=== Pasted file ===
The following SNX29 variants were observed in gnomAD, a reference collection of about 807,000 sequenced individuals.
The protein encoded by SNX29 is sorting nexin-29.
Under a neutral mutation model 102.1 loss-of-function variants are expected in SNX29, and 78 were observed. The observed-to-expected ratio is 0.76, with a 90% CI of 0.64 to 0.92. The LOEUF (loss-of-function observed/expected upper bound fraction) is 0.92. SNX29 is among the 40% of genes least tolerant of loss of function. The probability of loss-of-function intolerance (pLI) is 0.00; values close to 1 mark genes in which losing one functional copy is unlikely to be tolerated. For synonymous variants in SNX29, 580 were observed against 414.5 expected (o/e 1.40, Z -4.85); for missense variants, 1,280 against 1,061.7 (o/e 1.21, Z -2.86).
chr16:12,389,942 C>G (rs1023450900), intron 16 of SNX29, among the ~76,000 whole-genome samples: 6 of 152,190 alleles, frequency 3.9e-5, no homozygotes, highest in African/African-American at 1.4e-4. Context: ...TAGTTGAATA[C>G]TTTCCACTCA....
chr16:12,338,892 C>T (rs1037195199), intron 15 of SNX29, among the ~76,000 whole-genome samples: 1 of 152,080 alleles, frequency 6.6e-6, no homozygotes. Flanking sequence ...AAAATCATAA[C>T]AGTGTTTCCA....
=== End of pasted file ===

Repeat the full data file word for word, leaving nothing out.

The following SNX29 variants were observed in gnomAD, a reference collection of about 807,000 sequenced individuals.
The protein encoded by SNX29 is sorting nexin-29.
Under a neutral mutation model 102.1 loss-of-function variants are expected in SNX29, and 78 were observed. The observed-to-expected ratio is 0.76, with a 90% CI of 0.64 to 0.92. The LOEUF (loss-of-function observed/expected upper bound fraction) is 0.92. SNX29 is among the 40% of genes least tolerant of loss of function. The probability of loss-of-function intolerance (pLI) is 0.00; values close to 1 mark genes in which losing one functional copy is unlikely to be tolerated. For synonymous variants in SNX29, 580 were observed against 414.5 expected (o/e 1.40, Z -4.85); for missense variants, 1,280 against 1,061.7 (o/e 1.21, Z -2.86).
chr16:12,389,942 C>G (rs1023450900), intron 16 of SNX29, among the ~76,000 whole-genome samples: 6 of 152,190 alleles, frequency 3.9e-5, no homozygotes, highest in African/African-American at 1.4e-4. Context: ...TAGTTGAATA[C>G]TTTCCACTCA....
chr16:12,338,892 C>T (rs1037195199), intron 15 of SNX29, among the ~76,000 whole-genome samples: 1 of 152,080 alleles, frequency 6.6e-6, no homozygotes. Flanking sequence ...AAAATCATAA[C>T]AGTGTTTCCA....